This is likely not the best way, but given there are no other answers, here is a way.
The problem of finding the k-th optimal path is AFAIK not very well studied for matrices, but is quite common in graphs. In fact, Wikipedia has some examples of how it can be done in a weighted directed graph. Hence a solution that transforms you matrix to a graph
and employs the algorithm from the Wiki:
Transform your matrix into a weighted directed graph. Every entry in your matrix will be a vertex, and vertex A has an edge to vertex B iff A was above or to the left of B in the matrix. The weight of the edge is the end vertex value.
Now, use Yen's algorithm to find the k-th optimal path. (it's a fairly known, but long algorithm, so not posting it here).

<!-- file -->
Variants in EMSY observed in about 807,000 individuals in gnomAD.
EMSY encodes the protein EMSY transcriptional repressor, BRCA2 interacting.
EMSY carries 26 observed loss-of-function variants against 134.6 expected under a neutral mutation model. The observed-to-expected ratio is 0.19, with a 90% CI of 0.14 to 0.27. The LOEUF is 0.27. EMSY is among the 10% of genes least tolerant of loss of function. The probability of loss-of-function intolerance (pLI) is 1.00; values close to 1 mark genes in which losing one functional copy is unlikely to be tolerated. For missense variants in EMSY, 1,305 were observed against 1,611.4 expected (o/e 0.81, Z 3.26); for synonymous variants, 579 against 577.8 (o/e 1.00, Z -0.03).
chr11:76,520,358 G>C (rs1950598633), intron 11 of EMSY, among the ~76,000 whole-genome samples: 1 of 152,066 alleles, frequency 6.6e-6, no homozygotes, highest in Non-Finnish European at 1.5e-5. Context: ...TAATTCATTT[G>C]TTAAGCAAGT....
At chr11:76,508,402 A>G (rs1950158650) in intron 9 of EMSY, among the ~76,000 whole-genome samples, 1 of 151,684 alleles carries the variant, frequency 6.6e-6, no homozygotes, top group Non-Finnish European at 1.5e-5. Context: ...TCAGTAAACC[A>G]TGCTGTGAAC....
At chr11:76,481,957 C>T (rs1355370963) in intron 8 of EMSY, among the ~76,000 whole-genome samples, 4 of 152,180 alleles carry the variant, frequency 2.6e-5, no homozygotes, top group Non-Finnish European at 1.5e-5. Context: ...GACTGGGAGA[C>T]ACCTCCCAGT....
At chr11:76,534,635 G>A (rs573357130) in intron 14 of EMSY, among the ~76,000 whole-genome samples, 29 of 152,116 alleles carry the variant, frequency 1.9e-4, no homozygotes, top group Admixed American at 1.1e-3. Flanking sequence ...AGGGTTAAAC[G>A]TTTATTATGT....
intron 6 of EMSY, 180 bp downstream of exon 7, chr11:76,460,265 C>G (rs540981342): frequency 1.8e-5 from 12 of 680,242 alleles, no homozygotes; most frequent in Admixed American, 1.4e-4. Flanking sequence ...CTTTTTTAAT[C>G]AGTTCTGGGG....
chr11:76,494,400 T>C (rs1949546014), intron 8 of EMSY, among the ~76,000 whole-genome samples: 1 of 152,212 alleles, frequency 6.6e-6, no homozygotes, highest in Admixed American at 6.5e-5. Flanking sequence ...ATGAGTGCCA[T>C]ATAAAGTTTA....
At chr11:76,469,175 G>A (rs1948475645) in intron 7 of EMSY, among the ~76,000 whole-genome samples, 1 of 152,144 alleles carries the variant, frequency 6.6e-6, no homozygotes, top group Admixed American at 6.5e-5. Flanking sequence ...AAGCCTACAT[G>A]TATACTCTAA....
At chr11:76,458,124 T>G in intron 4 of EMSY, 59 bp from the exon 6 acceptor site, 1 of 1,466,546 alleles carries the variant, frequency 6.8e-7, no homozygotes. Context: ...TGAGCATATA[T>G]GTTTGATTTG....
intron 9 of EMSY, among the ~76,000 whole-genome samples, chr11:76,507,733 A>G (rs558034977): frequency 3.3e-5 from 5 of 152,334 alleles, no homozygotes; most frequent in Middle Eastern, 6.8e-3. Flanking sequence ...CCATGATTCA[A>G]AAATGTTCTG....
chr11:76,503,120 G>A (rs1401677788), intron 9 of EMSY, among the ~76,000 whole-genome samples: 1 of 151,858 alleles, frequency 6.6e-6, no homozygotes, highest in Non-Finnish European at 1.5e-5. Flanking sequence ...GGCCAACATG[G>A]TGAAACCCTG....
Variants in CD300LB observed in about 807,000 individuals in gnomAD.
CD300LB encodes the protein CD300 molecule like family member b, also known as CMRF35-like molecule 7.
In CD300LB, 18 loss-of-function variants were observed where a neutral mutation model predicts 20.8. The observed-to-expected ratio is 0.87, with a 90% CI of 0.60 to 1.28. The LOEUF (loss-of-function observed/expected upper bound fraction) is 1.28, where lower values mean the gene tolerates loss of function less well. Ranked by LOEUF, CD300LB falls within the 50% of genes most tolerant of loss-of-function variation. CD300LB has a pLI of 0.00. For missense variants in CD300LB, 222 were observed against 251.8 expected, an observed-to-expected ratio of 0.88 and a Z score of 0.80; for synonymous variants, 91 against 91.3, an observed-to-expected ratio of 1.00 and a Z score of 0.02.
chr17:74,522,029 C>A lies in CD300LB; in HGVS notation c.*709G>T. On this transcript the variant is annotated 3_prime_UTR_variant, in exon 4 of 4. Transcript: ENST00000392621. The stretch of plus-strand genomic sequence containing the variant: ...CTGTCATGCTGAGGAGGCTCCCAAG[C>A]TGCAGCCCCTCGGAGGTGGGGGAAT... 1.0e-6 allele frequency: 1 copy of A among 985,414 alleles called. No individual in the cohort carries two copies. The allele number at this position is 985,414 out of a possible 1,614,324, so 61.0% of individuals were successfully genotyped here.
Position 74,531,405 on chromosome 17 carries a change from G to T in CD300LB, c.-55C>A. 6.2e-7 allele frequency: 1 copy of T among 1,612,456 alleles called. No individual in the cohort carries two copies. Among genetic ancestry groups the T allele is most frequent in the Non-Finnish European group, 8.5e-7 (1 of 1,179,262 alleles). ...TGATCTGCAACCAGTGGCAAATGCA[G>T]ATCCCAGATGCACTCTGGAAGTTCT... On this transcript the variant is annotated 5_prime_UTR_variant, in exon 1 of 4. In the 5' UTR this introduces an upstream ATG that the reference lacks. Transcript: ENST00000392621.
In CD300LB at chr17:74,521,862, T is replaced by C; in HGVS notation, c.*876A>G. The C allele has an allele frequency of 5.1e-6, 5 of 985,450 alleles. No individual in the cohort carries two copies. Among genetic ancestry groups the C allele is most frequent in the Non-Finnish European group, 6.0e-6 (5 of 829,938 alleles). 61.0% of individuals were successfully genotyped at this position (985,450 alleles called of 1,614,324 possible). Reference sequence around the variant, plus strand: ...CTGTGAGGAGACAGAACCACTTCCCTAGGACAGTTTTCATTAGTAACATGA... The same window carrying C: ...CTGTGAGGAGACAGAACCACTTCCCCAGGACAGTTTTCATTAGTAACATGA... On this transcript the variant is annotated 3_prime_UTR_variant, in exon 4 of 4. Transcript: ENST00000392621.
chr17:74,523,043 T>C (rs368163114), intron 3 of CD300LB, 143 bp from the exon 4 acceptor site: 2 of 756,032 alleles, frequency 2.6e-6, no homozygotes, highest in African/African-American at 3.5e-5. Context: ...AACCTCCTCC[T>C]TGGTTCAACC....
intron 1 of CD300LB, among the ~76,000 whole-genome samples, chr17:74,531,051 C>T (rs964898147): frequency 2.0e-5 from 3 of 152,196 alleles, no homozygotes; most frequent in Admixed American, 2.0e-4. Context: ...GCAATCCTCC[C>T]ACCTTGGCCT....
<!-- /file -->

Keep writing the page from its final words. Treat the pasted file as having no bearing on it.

Creating the graph is trivial and takes linear time in the size of your matrix. The resulting graph has
N^2 vertexes and
2N(N-1) edges. Yen's algorithm requires K*l calls to Dijkstra, where l is the length of the spur paths (In this case it's
2N, since all paths here are at most
Hence the total runtime is expected to be
O(K * N^3 * log(N)). This is a very pessimistic bound, but you may find that the cubic behaviour is indeed true - this solution does not use any pros from the graph structure being matrix-like.
After thinking about this a bit more:
There is an obvious naive solution that just takes the standard dynamic programming approach, and instead of storing the shortest path to each node stores the k shortest paths.
This solution will be faster than the above, clocking at
O(K * N^2). However, it uses
O(K * N^2) space, which is much larger than
O(N * (K + N)) of the above solution. I guess here you would need to make a decision on what resource is more scarce.